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  Reply # 1862746 12-Sep-2017 11:53
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MikeAqua:

 

 

 

It seem to me that the solution to local pollution is local regulation - e.g. emission standards for cars that may enter a particular city.   

 

 

I don't think that's practical.

 

     

  1. To enforce it, a cop has to be able to identify whether a car is compliant. Will each city issue each compliant car with a sticker?
  2. There's economies of scale; it's much easier to design and build a fix into every car
  3. Adding after-market emission controls to some cars would be expensive and difficult
  4. Whilst it's convenient that the wind blows pollution away, it doesn't actually stop it causing harm
  5. Local government has vested interests in local industry, and therefore in allowing pollution to occur

 

 


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  Reply # 1863095 12-Sep-2017 22:38
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Sidestep:

 

Because our market's too small to develop complex emissions reduction systems just for us, the NZTA accepts emissions standards from the USA, Japan and Europe as a proxy.
They aren't specifically designed for New Zealand. If they were NOx would likely be lower on the list.

 

 

It would be easy for the NZ government to set it's own NOx emissions levels. All it has to do is allow higher NOx emissions levels, and specify that other emissions can't be any worse than the Euro 5 (or the current relevant standard). So overseas compliant cars can still be imported "as is". Yet manufacturers would be able to offer customised models to NZ if they want. In most cases the only thing needed would be different ECU firmware.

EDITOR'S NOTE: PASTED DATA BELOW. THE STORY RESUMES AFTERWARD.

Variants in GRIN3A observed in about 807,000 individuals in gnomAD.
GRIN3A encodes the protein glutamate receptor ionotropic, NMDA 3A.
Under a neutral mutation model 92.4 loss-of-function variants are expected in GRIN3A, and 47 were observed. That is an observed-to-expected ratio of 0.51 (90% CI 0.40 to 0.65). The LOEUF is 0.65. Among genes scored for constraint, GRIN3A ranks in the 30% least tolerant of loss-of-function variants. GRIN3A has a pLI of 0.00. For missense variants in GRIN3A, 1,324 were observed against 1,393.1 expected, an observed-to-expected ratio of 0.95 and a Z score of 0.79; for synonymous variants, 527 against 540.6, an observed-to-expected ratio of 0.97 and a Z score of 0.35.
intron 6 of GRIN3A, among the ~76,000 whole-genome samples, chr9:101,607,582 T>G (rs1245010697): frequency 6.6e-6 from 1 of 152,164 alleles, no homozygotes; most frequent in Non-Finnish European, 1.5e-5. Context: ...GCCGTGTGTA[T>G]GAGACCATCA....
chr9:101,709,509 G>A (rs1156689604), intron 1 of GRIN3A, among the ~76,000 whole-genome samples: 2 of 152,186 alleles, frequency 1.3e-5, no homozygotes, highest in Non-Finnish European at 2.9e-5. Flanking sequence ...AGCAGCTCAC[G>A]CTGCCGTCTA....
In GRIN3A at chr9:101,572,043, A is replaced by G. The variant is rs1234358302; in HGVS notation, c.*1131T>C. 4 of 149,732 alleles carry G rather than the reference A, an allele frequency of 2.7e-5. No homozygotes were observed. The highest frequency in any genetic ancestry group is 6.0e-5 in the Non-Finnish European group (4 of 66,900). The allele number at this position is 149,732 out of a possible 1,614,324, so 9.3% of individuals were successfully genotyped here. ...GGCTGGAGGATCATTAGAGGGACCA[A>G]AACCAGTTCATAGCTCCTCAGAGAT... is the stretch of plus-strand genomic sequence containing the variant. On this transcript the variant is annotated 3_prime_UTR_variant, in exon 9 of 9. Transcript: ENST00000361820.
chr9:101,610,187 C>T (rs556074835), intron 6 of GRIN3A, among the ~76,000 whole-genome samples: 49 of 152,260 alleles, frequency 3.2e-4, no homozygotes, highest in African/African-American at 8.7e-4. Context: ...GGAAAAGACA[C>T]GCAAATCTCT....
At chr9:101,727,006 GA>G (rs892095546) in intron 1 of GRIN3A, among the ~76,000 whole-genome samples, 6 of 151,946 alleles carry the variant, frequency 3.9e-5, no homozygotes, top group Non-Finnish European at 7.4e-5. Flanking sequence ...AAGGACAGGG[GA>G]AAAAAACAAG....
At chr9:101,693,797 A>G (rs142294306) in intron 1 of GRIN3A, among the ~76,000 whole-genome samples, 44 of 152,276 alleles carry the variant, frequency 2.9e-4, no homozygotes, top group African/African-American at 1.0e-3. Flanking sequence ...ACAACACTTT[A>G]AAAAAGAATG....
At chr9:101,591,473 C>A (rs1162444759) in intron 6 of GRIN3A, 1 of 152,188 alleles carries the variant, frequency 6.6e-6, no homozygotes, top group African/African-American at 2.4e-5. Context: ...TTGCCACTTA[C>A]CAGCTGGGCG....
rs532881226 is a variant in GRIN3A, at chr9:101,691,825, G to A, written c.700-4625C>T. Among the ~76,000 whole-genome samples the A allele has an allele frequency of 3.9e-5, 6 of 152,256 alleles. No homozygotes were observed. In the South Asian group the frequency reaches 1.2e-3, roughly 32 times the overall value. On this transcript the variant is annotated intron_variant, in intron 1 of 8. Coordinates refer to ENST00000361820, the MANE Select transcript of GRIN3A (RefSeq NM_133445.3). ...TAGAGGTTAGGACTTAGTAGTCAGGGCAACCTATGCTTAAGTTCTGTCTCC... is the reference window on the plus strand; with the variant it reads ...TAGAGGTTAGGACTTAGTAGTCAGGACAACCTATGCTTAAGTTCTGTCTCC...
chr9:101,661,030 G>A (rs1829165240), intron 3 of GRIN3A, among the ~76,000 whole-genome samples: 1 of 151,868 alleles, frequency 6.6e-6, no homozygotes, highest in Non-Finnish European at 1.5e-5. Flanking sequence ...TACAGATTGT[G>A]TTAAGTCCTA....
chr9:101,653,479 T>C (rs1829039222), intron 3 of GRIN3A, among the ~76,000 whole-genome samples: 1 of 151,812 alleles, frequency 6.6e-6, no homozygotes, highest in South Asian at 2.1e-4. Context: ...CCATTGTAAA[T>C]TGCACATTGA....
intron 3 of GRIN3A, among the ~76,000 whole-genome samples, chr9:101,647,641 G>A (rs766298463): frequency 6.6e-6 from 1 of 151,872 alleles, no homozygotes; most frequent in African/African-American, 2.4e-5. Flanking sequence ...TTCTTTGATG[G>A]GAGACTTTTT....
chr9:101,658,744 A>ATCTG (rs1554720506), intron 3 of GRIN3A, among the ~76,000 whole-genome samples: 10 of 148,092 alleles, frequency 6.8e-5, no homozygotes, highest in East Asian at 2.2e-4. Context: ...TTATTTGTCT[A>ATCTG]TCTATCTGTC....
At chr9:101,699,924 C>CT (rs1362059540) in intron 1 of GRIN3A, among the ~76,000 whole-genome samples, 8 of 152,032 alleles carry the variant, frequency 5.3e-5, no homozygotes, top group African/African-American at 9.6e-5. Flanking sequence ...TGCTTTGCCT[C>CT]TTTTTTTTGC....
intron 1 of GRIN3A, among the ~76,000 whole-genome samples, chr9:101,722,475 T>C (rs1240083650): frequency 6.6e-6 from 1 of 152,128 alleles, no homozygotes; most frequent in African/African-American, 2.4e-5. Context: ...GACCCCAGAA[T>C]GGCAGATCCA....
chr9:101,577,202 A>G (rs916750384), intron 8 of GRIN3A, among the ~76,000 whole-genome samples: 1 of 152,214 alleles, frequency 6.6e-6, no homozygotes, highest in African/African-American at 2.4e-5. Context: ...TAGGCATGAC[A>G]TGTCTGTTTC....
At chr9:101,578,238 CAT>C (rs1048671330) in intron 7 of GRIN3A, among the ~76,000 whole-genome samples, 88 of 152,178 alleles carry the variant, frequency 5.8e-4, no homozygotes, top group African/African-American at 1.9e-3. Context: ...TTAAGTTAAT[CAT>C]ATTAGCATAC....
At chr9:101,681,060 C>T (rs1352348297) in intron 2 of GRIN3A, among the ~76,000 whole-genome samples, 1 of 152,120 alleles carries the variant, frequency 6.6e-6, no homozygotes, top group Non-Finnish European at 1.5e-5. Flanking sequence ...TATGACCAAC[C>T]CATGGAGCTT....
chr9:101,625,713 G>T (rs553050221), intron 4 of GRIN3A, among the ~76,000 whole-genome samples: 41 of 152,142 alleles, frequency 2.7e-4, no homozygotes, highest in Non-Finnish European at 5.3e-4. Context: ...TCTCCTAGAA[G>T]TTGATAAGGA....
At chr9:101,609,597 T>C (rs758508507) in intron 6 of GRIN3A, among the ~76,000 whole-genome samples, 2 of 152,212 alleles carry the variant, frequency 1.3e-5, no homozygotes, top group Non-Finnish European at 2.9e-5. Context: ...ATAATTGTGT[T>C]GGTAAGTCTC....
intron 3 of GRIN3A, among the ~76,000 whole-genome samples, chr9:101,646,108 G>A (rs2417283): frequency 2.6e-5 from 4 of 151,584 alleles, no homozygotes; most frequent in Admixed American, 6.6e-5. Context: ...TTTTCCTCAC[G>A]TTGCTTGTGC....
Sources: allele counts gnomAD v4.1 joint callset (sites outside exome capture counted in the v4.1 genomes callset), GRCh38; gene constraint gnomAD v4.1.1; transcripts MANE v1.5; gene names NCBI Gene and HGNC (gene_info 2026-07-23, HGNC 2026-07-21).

As for the Volkswagen and other cars that were part of the so called emissions cheating scandal. Lets face it, those cars would still have lower emissions than most of the older cars still on NZ roads. And they would have far better crash safety as well. NZ should have allowed them to be imported, We would have still gotten an overall emissions reduction. And there would have been a reduction in the road toll and other costs related to car crashes like ACC and hospital costs due to less injuries.






 
 
 
 


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  Reply # 1863097 12-Sep-2017 22:41
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Aredwood:

 

 

 

My understanding is that Volkswagen no longer make FSI engines as they had high NOx emissions. Also other manufactures like Honda no longer make their VTEC-E engines. Or other engine technologies that were designed to give better fuel economy by running lean air fuel ratios during light load cruising.

 

 

 

 

The FSI acronym is just a logo.

 

Stratified injection is standard direct petrol injection tech.

 

Lean burn is needed to meet CO2 and economy standards/claims.


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